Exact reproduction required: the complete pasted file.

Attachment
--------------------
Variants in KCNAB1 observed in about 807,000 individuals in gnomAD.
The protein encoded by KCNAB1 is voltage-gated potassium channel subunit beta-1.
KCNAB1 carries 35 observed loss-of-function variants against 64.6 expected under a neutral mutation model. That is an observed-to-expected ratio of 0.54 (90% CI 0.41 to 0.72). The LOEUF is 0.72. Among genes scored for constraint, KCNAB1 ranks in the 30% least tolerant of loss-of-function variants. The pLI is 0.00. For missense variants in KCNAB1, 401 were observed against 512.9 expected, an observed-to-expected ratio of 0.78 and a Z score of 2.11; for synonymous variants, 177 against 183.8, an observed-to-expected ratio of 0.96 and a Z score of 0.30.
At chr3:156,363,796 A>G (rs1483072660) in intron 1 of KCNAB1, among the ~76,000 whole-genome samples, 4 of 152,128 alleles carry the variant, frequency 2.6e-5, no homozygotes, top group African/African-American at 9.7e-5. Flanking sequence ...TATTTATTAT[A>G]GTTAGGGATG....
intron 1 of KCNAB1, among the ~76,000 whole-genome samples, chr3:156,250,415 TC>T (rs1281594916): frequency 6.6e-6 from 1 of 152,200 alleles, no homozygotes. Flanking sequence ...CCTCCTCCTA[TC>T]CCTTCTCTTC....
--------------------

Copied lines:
Variants in KCNAB1 observed in about 807,000 individuals in gnomAD.
The protein encoded by KCNAB1 is voltage-gated potassium channel subunit beta-1.
KCNAB1 carries 35 observed loss-of-function variants against 64.6 expected under a neutral mutation model. That is an observed-to-expected ratio of 0.54 (90% CI 0.41 to 0.72). The LOEUF is 0.72. Among genes scored for constraint, KCNAB1 ranks in the 30% least tolerant of loss-of-function variants. The pLI is 0.00. For missense variants in KCNAB1, 401 were observed against 512.9 expected, an observed-to-expected ratio of 0.78 and a Z score of 2.11; for synonymous variants, 177 against 183.8, an observed-to-expected ratio of 0.96 and a Z score of 0.30.
At chr3:156,363,796 A>G (rs1483072660) in intron 1 of KCNAB1, among the ~76,000 whole-genome samples, 4 of 152,128 alleles carry the variant, frequency 2.6e-5, no homozygotes, top group African/African-American at 9.7e-5. Flanking sequence ...TATTTATTAT[A>G]GTTAGGGATG....
intron 1 of KCNAB1, among the ~76,000 whole-genome samples, chr3:156,250,415 TC>T (rs1281594916): frequency 6.6e-6 from 1 of 152,200 alleles, no homozygotes. Flanking sequence ...CCTCCTCCTA[TC>T]CCTTCTCTTC....